Theory, Methods, and Literature--Oh My

This post has been "updated" (see Parental Homework Help Leads to LOWER Academic Achievement and Three Schools Before Thanksgiving)

What I read this week:

---Part One of Social Research Methods: Qualitative and Quantitative Approaches by W. Lawrence

School Personnel's Perceptions of Family-School Communication: A Qualitative Study

Parent Involvement, Cultural Capital, and the Achievement Gap Among Elementary School Children

My goal:

The second two sources were both articles; one qualitative and one quantitative. Both dealt with the issue of parental involvement and the effects on children's success (with a focus on success in school). My goal was to compare and contrast them and offer any insights about them based on what I read from Neuman this week.


Parent Involvement, Cultural Capital, and the Achievement Gap Among Elementary School Children

This was the first of the two articles that I read, and this was a quantitative study. Not only did the authors describe the study as being quantitative, but there were several clues in the research to indicate this as well. At a glance, a reader can see charts and graphs characteristic of a quantitative study, and these results were from chi square tests and t tests, among other methods. Data collection was through surveys with mutually exclusive answers that did not allow for extended response. By the way, one flaw that I noticed about the study was that the researchers had the parents fill out a survey on how involved they were in their children's lives, which probably meant that parents were biased because they wanted to feel good about themselves as involved parents. The data may have been inaccurate since the only method of survey-taking was self-assessment by parents of themselves. When the researchers discussed results at the end of the article, they made overarching conclusions applied to all (or at least most) members of a group based on similar situation of group members (race, etc).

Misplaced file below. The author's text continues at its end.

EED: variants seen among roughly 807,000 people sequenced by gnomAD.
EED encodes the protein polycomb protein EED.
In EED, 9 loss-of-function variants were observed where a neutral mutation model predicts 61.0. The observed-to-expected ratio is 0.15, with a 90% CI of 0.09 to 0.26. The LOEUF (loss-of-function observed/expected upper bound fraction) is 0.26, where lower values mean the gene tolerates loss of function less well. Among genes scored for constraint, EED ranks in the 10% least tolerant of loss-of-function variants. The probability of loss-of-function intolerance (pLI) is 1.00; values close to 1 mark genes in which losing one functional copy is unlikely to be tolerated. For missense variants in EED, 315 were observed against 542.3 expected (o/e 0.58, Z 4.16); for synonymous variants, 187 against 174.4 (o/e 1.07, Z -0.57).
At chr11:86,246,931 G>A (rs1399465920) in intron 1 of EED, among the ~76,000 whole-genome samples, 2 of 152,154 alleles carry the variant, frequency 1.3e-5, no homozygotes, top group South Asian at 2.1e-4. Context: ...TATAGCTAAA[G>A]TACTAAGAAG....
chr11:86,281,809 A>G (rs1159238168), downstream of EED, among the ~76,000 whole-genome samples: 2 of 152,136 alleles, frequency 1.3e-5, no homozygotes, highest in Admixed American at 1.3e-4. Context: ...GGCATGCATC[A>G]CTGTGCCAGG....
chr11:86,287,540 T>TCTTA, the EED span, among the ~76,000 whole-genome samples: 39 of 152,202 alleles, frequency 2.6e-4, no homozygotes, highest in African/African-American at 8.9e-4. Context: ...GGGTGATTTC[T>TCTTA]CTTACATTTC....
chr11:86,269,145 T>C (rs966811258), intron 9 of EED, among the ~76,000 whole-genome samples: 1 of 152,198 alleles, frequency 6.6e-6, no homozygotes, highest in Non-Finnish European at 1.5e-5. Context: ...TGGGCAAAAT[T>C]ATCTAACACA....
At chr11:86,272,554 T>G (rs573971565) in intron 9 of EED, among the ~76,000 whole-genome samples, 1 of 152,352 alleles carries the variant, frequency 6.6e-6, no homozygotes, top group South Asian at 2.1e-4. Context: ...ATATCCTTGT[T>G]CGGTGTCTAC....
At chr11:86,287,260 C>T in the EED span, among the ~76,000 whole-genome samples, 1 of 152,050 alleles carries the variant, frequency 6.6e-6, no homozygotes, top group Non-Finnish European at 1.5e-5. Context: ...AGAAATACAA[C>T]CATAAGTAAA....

School Personnel's Perceptions of Family-School Communication: A Qualitative Study

There's no mystery here; it's obvious that this is a qualitative study just by looking at the title. Let's say that there was no mention of the word "qualitative"--could the reader still figure it out? First of all, data gathering was based on interviews and extended response questions that allowed participants to elaborate on their answers. There were many direct quotes from these interviews throughout the article. In the discussion part of the article, the researchers mentioned common "themes" that arose, instead of analyzing specific statistics. Most importantly, the researchers admit that "the teachers and families portrayed here are not necessarily representative of the general population..." (page 15). All of these details place this study in the "qualitative" category.


Yes, these studies are different because they are fundamentally different approaches to researching a topic (even if it's a very similar topic). However, there are several ways that these studies are similar. Both obviously began with a literature review, and discussed their review in the beginning of their articles. Both define their variables and state their hypotheses as well as their plans to investigate the hypotheses. Both discuss how they went about their data collection, and the findings that resulted. Most importantly, both performed an acceptable way of doing research. That's the main idea that I learned this week: qualitative and quantitative studies differ in several important ways, and not all sociologists agree with one of the other, but both ways of researching can help add more knowledge to the field, and that's what's most important.


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